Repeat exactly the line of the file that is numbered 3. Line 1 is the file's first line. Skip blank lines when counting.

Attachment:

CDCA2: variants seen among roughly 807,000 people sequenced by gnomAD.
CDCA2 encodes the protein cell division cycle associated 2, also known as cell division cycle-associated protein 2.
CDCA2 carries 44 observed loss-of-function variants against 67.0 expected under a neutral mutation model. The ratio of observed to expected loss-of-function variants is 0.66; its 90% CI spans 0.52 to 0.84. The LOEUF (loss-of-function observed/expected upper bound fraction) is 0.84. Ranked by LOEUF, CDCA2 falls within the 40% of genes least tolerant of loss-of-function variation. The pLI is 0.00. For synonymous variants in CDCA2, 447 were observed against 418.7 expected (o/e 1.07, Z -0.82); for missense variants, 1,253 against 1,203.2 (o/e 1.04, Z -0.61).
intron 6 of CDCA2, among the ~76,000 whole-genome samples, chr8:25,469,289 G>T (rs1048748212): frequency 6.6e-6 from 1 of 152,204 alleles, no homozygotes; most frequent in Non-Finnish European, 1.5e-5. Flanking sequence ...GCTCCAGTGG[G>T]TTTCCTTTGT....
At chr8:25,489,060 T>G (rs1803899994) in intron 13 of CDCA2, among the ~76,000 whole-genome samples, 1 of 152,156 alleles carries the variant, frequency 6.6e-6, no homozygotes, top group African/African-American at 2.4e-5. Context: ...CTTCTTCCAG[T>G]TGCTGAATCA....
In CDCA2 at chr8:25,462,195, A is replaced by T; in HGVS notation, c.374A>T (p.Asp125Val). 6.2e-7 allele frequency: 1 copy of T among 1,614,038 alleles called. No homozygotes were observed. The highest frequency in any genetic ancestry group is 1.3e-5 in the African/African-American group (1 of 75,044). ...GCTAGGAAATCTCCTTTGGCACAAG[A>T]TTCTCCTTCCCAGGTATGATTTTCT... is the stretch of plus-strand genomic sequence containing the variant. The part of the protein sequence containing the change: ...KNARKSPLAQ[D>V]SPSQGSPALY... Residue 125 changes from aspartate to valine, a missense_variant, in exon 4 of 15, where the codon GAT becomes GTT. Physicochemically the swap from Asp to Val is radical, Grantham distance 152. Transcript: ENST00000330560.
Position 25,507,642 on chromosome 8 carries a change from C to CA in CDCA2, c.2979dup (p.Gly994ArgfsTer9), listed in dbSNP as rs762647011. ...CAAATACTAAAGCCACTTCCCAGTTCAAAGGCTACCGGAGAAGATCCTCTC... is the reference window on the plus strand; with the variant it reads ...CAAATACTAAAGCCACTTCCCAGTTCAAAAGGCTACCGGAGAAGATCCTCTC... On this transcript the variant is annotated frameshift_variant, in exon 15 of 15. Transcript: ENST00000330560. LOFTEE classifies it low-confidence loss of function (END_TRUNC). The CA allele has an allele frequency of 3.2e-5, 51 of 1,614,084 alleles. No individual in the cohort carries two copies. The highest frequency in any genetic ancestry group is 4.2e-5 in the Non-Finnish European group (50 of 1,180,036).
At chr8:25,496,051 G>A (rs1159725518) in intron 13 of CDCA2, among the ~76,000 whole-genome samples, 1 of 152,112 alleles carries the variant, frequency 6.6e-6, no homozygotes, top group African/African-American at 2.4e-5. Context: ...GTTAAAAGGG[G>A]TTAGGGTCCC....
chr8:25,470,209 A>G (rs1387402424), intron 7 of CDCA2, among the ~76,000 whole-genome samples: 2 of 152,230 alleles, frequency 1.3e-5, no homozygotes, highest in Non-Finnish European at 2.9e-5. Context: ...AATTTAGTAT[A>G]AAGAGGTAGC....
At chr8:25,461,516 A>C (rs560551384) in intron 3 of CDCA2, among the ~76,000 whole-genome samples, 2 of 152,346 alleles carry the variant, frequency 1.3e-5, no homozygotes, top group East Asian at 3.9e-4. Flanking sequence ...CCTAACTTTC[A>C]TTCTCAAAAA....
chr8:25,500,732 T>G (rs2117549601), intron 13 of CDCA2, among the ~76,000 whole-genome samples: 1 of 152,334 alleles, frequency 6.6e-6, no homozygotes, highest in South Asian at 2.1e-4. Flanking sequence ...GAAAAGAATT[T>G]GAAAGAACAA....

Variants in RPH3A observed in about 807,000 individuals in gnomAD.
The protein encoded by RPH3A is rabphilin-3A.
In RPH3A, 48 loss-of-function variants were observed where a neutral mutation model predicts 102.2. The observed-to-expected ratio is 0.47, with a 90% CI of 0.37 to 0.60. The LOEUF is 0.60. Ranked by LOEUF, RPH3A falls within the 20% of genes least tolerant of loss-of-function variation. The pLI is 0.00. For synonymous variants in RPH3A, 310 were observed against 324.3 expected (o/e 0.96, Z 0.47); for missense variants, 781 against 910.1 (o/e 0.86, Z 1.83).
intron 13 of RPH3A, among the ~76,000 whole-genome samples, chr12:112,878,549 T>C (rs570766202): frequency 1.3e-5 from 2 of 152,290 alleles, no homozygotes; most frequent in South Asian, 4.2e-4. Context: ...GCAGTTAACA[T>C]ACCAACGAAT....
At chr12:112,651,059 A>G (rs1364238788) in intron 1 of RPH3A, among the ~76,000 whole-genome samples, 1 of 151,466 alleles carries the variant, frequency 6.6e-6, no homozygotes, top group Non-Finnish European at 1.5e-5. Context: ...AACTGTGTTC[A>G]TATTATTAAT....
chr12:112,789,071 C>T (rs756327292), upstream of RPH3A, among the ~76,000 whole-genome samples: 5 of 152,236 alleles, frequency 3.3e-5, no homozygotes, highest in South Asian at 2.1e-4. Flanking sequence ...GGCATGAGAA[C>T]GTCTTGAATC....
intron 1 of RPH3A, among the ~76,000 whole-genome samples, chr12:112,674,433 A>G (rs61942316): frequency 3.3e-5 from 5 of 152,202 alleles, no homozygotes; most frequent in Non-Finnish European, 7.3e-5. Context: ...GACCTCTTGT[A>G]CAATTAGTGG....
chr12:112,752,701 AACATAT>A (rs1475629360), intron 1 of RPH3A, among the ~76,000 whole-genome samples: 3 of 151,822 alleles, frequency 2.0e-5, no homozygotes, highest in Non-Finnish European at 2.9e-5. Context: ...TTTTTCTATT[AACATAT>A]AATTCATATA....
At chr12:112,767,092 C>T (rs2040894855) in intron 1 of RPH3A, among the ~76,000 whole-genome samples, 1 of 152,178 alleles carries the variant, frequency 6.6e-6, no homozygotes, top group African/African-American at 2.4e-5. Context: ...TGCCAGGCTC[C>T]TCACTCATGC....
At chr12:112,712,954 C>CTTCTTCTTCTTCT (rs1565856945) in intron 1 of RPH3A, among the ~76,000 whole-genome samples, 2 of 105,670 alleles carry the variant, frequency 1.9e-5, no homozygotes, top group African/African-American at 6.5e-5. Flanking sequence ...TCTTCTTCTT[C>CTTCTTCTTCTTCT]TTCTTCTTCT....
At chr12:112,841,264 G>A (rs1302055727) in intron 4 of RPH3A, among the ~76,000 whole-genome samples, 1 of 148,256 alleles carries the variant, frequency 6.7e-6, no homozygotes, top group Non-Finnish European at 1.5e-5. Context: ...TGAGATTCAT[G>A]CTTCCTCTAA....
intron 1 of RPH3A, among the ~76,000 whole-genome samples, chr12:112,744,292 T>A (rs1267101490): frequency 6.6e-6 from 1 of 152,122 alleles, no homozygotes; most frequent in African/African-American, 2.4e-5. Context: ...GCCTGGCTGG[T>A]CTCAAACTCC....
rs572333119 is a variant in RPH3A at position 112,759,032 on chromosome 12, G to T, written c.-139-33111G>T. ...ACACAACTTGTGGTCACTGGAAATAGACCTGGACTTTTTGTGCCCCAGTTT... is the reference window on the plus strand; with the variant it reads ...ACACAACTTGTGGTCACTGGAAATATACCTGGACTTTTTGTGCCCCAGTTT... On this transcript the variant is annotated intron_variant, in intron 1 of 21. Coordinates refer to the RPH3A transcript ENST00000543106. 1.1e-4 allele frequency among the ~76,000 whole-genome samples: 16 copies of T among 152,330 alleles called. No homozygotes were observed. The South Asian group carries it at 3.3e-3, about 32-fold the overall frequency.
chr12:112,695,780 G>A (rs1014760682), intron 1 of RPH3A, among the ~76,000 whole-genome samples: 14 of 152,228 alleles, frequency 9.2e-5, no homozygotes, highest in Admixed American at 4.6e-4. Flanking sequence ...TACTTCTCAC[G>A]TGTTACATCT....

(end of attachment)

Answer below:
CDCA2 carries 44 observed loss-of-function variants against 67.0 expected under a neutral mutation model. The ratio of observed to expected loss-of-function variants is 0.66; its 90% CI spans 0.52 to 0.84. The LOEUF (loss-of-function observed/expected upper bound fraction) is 0.84. Ranked by LOEUF, CDCA2 falls within the 40% of genes least tolerant of loss-of-function variation. The pLI is 0.00. For synonymous variants in CDCA2, 447 were observed against 418.7 expected (o/e 1.07, Z -0.82); for missense variants, 1,253 against 1,203.2 (o/e 1.04, Z -0.61).